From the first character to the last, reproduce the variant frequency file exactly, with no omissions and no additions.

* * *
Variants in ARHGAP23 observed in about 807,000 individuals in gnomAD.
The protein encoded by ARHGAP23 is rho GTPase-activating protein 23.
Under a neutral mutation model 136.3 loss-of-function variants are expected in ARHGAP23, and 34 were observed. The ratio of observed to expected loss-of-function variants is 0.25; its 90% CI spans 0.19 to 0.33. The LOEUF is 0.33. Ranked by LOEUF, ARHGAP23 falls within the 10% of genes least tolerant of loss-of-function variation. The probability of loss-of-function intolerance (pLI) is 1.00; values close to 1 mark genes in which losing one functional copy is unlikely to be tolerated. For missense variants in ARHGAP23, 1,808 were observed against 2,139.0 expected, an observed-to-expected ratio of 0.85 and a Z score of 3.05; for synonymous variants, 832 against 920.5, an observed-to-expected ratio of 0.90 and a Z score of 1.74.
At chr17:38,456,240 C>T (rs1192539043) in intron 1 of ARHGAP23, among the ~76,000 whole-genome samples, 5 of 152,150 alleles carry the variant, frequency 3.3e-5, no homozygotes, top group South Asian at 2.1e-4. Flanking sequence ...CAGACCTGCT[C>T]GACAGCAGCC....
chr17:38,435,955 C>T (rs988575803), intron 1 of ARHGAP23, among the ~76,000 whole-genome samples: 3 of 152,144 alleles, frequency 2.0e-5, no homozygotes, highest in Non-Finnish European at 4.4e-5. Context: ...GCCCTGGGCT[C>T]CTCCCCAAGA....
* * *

Variants in ARHGAP23 observed in about 807,000 individuals in gnomAD.
The protein encoded by ARHGAP23 is rho GTPase-activating protein 23.
Under a neutral mutation model 136.3 loss-of-function variants are expected in ARHGAP23, and 34 were observed. The ratio of observed to expected loss-of-function variants is 0.25; its 90% CI spans 0.19 to 0.33. The LOEUF is 0.33. Ranked by LOEUF, ARHGAP23 falls within the 10% of genes least tolerant of loss-of-function variation. The probability of loss-of-function intolerance (pLI) is 1.00; values close to 1 mark genes in which losing one functional copy is unlikely to be tolerated. For missense variants in ARHGAP23, 1,808 were observed against 2,139.0 expected, an observed-to-expected ratio of 0.85 and a Z score of 3.05; for synonymous variants, 832 against 920.5, an observed-to-expected ratio of 0.90 and a Z score of 1.74.
At chr17:38,456,240 C>T (rs1192539043) in intron 1 of ARHGAP23, among the ~76,000 whole-genome samples, 5 of 152,150 alleles carry the variant, frequency 3.3e-5, no homozygotes, top group South Asian at 2.1e-4. Flanking sequence ...CAGACCTGCT[C>T]GACAGCAGCC....
chr17:38,435,955 C>T (rs988575803), intron 1 of ARHGAP23, among the ~76,000 whole-genome samples: 3 of 152,144 alleles, frequency 2.0e-5, no homozygotes, highest in Non-Finnish European at 4.4e-5. Context: ...GCCCTGGGCT[C>T]CTCCCCAAGA....